Everything in spiritual community is reversed from the world’s order. It is our weakness, not our competence, that moves others; our sorrows, not our blessings, that break down the barriers of fear and shame that keep us apart; our admitted failures, not our paraded successes, that bind us together in hope.

A spiritual community, a church, is full of broken people who turn their chairs toward each other because they know they cannot make it alone. These broken people journey together with their wounds and worries and washouts visible, but are able to see beyond the brokenness to something alive and good, something whole. Each of us is wounded. For every one of us, ruthless honesty about what is happening inside of us will lead to brokenness. In a spiritual community, people don’t merely talk about woundedness and brokenness. They leave their comfort zones and expose the specifics, not to everyone, but to at least one other person. It’s terrifying to do so. It seems so weak, so unnecessary, so morbid and self-criticizing. Worse, in many eyes, to admit brokenness means to admit a poor relationship with God. We often hear that brokenness is the pathway to a deeper relationship with God, but we rarely see it modeled. I sometimes think we want others to believe we know God by demonstrating how unbroken we are. But we’ve all been wounded. We’ve all failed. Rejection has brought out depths of anger we didn’t know were in us. We’ve sobbed over unkindness and resolved to never let anyone treat us like that again. Our souls have withered under the heat of someone’s disdain. Criticism has made us feel worthless, and we’ve either backed away from involvement or taken life on with defensive arrogance. We protect our wounds with all the fierceness of a lioness watching over her cubs. And because it is nearly impossible to see who we are as separate from those wounds, we think we are protecting our SELVES when in fact we are preserving our WOUNDS…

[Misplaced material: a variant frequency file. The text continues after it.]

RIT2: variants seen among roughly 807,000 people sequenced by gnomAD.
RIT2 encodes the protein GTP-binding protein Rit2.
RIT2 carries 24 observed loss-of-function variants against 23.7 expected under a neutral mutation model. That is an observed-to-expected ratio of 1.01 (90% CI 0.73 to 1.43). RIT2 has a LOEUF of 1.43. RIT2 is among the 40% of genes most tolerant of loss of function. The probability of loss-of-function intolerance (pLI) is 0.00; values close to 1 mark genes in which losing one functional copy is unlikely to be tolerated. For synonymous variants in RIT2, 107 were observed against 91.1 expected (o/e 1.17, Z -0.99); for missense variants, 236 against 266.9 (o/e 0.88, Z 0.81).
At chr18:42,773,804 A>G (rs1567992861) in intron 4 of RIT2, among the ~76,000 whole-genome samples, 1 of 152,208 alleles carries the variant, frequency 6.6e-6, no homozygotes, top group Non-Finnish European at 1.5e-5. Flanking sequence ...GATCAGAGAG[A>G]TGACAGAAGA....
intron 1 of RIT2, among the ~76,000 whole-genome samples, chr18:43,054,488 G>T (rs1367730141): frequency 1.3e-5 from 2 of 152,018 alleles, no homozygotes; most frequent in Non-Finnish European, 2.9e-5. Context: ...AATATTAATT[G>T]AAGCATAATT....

We are not our problems. We are not our wounds. We are not our sins. We are persons of radical worth and unrevealed beauty. If we face ourselves fully, we will be broken by what we see, by the selfishness and fear and rage and lust that cover our spiritual beauty like tarnish on silver. But the silver is there. Something brilliant and intact gleams through the stain of our brokenness…

Brokenness is the realization that life is too much for us, not just because there is too much pain but also because we’re too selfish. Brokenness is realizing He is all we have. Hope is realizing He is all we need. Joy is realizing He is all we want…

We need spiritual friends, broken people who will provide safety for us to be broken, caring people who want us to live and believe we can live well, giving people who pour the life they have received from God into us, people of vision who see the Spirit shaping us into the image of Christ. Without them, we settle for so much less…

Community is a place of pain, of the death of ego. In community, we are sacrificing independence and the pseudo-security of being closed up. We can only live this pain if we are certain that for us being in community is our response to a call from God. If we do not have this certitude, then we won’t be able to stay in community…